Bridging research and reality

This summer, I’ll be giving a seminar on “Arboriculture Myths” at the ISA conference in Portland, OR. I’ve been quizzing arborist-types for a few months now to find out what myths they would most like to see debunked during my talk. Intermixed with the suggestions of dubious products and questionable practices there was this question: “How often do the results from research with limited scope get over-extrapolated?”

I like the question a lot, because this is the fine line that we Garden Professors walk in bringing you the newest scientific information we can find.  As a rule, I tend to hold back on recommending anything that has only been tested in a lab situation.  I like to see field test results, where environmental variation will quickly swamp anything with marginal effects.  In other words, if something can make it through an experimental, replicated field test, I can get excited about it.

Which brings me to a recent article in Arboriculture and Urban Forestry (2012, Vol. 38, Issue 1, pp. 18-23. And no, I can’t post it on the web). Briefly, the article describes an experiment where water evaporation was measured in pots filled with various substrates, which were either left uncovered or mulched with about 3” of pine bark.  The results showed little difference between the mulched and unmulched containers.

As the authors point out in the discussion, it’s an artificial system that includes no trees, nor any way for water to move through the soil except from the top down.  And I really don’t have a problem with the methodology, or the data generated, or even most of the discussion. What bothers me is a single sentence at the end of the abstract:

“Given the minor reduction in evaporation, and reported disadvantages of mulch application close to the trunk, landscape managers might consider changing mulch application practices for newly planted trees.”

Wow. How did we get from a series of containers with no plants in them to this recommendation?

Every gardener knows the value of mulching – a perception that’s substantiated by hundreds of publications. Since I’ve written about mulches on the blog a number of times I’m not going to belabor the point. But I will refer readers to a short Ecological Restoration article I published a few years ago that most definitively linked mulch application to plant survival in restoration sites; Bert also published an article on the benefits of mulching and lent me a few photos to illustrate. And Jeff has even more data on the topic, including some that may radically change the perception that mulch against tree trunks is a bad thing.

Mulch increases soil moisture

 

Which plot would you rather have in your garden?

Those of you who read scientific journals probably read the abstract first – I know I do. If it interests me, I’ll read the entire article. But sometimes the abstract is the only thing you can find online. And for this reason, the peer-review process in many of the journals asks whether the contents of the abstract are justified by the results. Honestly, I don’t think this article meets that standard.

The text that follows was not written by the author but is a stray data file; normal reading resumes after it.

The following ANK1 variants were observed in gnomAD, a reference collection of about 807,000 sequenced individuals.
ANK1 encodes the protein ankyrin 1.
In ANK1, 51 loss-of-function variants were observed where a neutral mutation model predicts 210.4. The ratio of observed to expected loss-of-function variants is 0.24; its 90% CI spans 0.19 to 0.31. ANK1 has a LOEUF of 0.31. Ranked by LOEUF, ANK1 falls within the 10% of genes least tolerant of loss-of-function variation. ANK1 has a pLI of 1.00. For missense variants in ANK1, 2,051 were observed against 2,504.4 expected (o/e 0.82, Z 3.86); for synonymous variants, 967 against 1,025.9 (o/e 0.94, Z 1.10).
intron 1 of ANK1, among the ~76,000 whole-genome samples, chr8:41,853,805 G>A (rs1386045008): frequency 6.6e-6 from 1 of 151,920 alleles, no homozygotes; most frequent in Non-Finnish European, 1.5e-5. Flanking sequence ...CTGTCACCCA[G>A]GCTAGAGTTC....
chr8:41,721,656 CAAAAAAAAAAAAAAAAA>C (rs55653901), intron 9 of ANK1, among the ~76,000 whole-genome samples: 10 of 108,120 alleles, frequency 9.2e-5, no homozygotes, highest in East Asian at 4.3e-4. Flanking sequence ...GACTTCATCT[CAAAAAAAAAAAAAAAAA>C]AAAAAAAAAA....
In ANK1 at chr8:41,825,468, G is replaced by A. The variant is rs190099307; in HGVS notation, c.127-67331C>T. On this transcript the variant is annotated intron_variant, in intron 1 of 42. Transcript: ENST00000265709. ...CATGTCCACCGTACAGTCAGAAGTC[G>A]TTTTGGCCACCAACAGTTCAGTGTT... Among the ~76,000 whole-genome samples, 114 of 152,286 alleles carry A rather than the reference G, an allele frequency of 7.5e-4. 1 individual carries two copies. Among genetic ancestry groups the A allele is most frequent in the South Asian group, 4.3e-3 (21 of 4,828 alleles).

6 thoughts on “Bridging research and reality”

  1. I’ve usually thought that over-extrapolation of results happens as people other than the original researchers interpret the results. Journalists, for instance, or people with vested interests or who are looking for a way to make money on it, but sometimes other researchers who really ought to know better. It’s a huge problem in education research where, for instance, a study on bilingual children in an immersion school will get generalized to adult seniors living in a foreign country, or a small, limited study on improving reading skills gets generalized into a huge, multi-million dollar program with books, workshops, etc. There are lots of fads in education, often with limited justification. I studied teaching ESL for a while, and had a professor whose mantra was ‘Check the original study!’ But it’s very sad that the original researchers are the culprits in your example. Unless someone else is responsible for writing the abstract?

  2. Thanks for writing on this topic. One question I often face in the arid west of Colorado is the following: “During very dry periods, organic mulch- and the soil below it- dries out. When it finally rains, only the mulch gets wet. None of it penetrates to the soil below. In areas with rock mulch, the rain actually wets the soil. Am I better off using rock mulch in parts of the country with erratic rainfall?” Any thoughts?

  3. Catherine: I don’t have any direct experience but I suspect it won’t make much difference. If things have been dry for while and you have a light rain, say, 1/10 inch or less, I suspect little of that will reach the soil in any event. One thing that will happen with organic mulch is you will have roots begin to proliferate in the soil mulch interface and in the mulch itself. I’m not sure if anyone has any data to show if that is good, bad, or indifferent.

    Here’s the citation for the paper. The figure above is simplified from Fig. 2 (2005 data) in the paper.

    http://www.hrt.msu.edu/assets/PagePDFs/bert-cregg/Cregg-and-Schutzki.pdf

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